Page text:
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Woodstock ’94 Concert Opening

March 31st, 2019 · No Comments · Music, Real-life Adventure Tales, Woodstock


While I was stopped behind the stage carefully taking notes on the human traffic flows, I heard the promoter John Scher start talking from the stage. “Holy smoke! It must be 10:00!” I realized. “Sounds like he’s opening the show!”

In the press kit they gave us at the Friar Tuck I noticed a sheet on Native Americans they’d scheduled for the Opening Ceremonies, and knowing they’d be the most direct spiritual masters of the weekend, I was in the crowd before Scher could finish his sentence.

The front of the field was surprisingly open, so I sashayed right up to the stage. These amazing gurus in their full peacock feathered regalia were chanting and dancing and blessing up a storm. And there was Michael Lang on the side of the stage in his fringed leather jacket, grinning his cherubic, beatific grin. I kept wondering: If the guy’s such a capitalist prick as so many bitchers complain, what’s with the full hour of Indian tribes opening his Woodstock II? Even if he “sold out” to Pepsi, he didn’t have to invite all these spiritualists and give them their own tepee field for the weekend . . . and then stand on the stage and watch them in crossed-hand reverence. If they would have appeared for five minutes it would have been a perfunctory gesture. But he had them on stage for an hour with their various blessings, speeches and prayers in different languages, eliciting that singular tranquility only felt in the presence of true spiritual masters no matter the faith. It hushed the crowd. For an hour this supposedly heathen generation of moshers paid attention to a tribal overture about listening to your heart and how we’re all a part of our future. It may have been the last time they were quiet until about next Tuesday, but they were quiet now.

And a wide variety of blessers it was too, including that pop art pillar Peter Max who said, “We’ve come here in the name of peace and music. The whole world is watching, as it did 25 years ago. Let us conduct ourselves with peace and love, and let it shine all over the world.”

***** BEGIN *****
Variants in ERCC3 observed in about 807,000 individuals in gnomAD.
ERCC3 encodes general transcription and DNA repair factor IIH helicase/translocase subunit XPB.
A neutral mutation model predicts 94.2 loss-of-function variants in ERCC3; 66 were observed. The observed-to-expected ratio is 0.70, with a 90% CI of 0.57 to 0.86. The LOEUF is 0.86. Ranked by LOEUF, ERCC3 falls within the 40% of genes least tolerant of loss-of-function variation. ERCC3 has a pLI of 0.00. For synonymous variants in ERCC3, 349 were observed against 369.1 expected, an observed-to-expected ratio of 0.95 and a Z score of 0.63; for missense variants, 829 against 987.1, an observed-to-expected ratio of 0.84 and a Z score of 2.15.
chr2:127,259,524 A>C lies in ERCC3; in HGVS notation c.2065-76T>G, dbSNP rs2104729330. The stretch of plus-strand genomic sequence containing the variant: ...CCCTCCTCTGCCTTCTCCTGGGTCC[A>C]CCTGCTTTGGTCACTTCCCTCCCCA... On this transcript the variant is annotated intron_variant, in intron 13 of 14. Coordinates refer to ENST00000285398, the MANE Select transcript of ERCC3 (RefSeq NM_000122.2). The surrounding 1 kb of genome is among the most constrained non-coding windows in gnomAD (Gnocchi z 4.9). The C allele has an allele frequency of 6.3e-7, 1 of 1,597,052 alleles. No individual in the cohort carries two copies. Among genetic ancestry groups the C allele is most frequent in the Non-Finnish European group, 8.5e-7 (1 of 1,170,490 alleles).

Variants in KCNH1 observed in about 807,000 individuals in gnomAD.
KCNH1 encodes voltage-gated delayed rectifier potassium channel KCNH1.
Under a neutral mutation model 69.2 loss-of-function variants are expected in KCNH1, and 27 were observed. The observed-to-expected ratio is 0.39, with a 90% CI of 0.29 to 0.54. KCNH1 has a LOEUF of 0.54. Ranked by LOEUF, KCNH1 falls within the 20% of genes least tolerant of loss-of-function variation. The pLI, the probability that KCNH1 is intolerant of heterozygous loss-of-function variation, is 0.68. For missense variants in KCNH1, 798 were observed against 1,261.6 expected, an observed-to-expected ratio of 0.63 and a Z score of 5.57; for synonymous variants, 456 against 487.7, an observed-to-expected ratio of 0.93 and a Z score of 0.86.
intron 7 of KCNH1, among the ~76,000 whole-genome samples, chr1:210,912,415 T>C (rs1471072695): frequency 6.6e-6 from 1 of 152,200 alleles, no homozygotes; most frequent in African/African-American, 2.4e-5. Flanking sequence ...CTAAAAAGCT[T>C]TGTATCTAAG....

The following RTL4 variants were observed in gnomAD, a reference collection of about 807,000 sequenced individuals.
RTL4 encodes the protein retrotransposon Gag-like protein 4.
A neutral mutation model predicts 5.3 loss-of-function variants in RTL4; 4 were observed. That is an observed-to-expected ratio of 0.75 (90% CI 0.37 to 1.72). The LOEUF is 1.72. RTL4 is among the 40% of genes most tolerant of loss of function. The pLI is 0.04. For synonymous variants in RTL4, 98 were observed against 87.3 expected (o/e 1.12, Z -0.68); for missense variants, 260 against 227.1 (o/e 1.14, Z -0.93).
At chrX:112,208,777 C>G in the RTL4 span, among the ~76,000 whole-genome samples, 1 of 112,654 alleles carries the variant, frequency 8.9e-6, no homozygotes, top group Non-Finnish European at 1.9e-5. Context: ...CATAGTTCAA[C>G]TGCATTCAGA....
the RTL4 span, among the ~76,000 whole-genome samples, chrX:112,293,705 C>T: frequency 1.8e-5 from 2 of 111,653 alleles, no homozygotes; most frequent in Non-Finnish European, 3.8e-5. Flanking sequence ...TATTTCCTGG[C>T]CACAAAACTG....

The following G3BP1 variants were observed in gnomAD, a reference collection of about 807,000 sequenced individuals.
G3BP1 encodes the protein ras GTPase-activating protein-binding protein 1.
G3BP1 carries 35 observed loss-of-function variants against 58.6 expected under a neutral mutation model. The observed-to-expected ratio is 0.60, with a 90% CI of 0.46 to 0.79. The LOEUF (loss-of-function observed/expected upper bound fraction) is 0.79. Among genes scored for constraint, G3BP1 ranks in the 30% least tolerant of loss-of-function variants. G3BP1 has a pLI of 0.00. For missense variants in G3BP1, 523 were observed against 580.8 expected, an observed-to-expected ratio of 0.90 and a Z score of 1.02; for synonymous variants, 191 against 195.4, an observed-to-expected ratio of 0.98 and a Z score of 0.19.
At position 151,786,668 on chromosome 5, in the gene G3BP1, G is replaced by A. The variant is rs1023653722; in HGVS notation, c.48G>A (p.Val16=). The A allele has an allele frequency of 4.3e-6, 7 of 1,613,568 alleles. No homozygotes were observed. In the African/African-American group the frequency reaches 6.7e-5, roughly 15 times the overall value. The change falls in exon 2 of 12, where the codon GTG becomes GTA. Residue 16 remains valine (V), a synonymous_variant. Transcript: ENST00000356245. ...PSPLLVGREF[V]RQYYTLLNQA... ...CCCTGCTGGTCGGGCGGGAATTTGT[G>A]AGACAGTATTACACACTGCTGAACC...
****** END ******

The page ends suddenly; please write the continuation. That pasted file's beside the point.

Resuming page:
Even after the recent wide-spread yuppie epidemic, with its Beavis and Butthead after-effects, we proved that a half-million nineties kids could still find their way to a designated location and stand on their hind legs in unison. And maybe it was even more than that. But it was these ancient Americans who were putting a voice to it before it even happened.

Chief Jake Swamp was the Grand Poh-Bah of the whole shebang. He introduced a gorgeous singer named Joanne Shenandoah who looked like a goddess in a white flowing gown, while all around her were sage burners, flag wavers and drum players celebrating her arrival. They created with voice and music a transcendental sense of oneness, of all of us being part of a single body. We were hypnotized into a silent unity by a harmony and a beat. And it’s pretty much stayed that way through Gabriel on Sunday.


From my new book Holy Cats! Dream-Catching at Woodstockavailable here.



You can order any of the prior Beat Trilogy books direct from the author and get them colorfully signed, or you can order them here —

The Hitchhiker’s Guide to Jack Kerouac

How The Beats Begat The Pranksters, & Other Adventure Tales

On The Road with Cassadys & Furthur Visions


by Brian Hassett  —   —

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